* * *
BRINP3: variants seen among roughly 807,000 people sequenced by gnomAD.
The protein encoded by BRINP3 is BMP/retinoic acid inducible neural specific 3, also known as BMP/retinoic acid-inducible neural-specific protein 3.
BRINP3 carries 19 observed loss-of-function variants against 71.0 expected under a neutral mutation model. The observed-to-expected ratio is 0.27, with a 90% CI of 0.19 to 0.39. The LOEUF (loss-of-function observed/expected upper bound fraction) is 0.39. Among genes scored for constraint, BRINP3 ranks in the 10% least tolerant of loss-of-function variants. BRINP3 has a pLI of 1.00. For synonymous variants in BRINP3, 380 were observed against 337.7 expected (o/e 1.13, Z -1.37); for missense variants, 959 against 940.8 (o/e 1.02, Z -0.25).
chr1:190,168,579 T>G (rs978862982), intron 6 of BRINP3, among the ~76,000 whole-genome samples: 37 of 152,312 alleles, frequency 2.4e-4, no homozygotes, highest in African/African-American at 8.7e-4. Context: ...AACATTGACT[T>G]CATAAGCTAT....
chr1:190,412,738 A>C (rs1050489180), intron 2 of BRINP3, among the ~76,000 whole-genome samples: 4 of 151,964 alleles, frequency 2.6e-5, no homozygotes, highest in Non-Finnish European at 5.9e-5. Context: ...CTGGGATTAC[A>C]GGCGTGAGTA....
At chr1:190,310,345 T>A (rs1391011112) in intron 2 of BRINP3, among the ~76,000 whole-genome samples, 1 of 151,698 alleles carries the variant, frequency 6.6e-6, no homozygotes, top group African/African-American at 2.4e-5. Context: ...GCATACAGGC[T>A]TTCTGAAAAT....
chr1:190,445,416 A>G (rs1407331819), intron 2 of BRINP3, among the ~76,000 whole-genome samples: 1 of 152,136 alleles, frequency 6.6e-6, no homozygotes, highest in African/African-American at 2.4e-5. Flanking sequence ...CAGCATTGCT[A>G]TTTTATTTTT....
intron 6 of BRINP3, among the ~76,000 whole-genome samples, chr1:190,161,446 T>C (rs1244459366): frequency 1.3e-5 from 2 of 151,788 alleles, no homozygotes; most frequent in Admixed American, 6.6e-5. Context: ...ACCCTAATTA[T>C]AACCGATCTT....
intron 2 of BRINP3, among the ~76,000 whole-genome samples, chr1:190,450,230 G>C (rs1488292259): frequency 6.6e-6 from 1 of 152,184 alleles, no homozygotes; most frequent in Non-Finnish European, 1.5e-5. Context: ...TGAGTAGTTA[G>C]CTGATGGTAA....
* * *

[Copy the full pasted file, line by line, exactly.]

BRINP3: variants seen among roughly 807,000 people sequenced by gnomAD.
The protein encoded by BRINP3 is BMP/retinoic acid inducible neural specific 3, also known as BMP/retinoic acid-inducible neural-specific protein 3.
BRINP3 carries 19 observed loss-of-function variants against 71.0 expected under a neutral mutation model. The observed-to-expected ratio is 0.27, with a 90% CI of 0.19 to 0.39. The LOEUF (loss-of-function observed/expected upper bound fraction) is 0.39. Among genes scored for constraint, BRINP3 ranks in the 10% least tolerant of loss-of-function variants. BRINP3 has a pLI of 1.00. For synonymous variants in BRINP3, 380 were observed against 337.7 expected (o/e 1.13, Z -1.37); for missense variants, 959 against 940.8 (o/e 1.02, Z -0.25).
chr1:190,168,579 T>G (rs978862982), intron 6 of BRINP3, among the ~76,000 whole-genome samples: 37 of 152,312 alleles, frequency 2.4e-4, no homozygotes, highest in African/African-American at 8.7e-4. Context: ...AACATTGACT[T>G]CATAAGCTAT....
chr1:190,412,738 A>C (rs1050489180), intron 2 of BRINP3, among the ~76,000 whole-genome samples: 4 of 151,964 alleles, frequency 2.6e-5, no homozygotes, highest in Non-Finnish European at 5.9e-5. Context: ...CTGGGATTAC[A>C]GGCGTGAGTA....
At chr1:190,310,345 T>A (rs1391011112) in intron 2 of BRINP3, among the ~76,000 whole-genome samples, 1 of 151,698 alleles carries the variant, frequency 6.6e-6, no homozygotes, top group African/African-American at 2.4e-5. Context: ...GCATACAGGC[T>A]TTCTGAAAAT....
chr1:190,445,416 A>G (rs1407331819), intron 2 of BRINP3, among the ~76,000 whole-genome samples: 1 of 152,136 alleles, frequency 6.6e-6, no homozygotes, highest in African/African-American at 2.4e-5. Flanking sequence ...CAGCATTGCT[A>G]TTTTATTTTT....
intron 6 of BRINP3, among the ~76,000 whole-genome samples, chr1:190,161,446 T>C (rs1244459366): frequency 1.3e-5 from 2 of 151,788 alleles, no homozygotes; most frequent in Admixed American, 6.6e-5. Context: ...ACCCTAATTA[T>C]AACCGATCTT....
intron 2 of BRINP3, among the ~76,000 whole-genome samples, chr1:190,450,230 G>C (rs1488292259): frequency 6.6e-6 from 1 of 152,184 alleles, no homozygotes; most frequent in Non-Finnish European, 1.5e-5. Context: ...TGAGTAGTTA[G>C]CTGATGGTAA....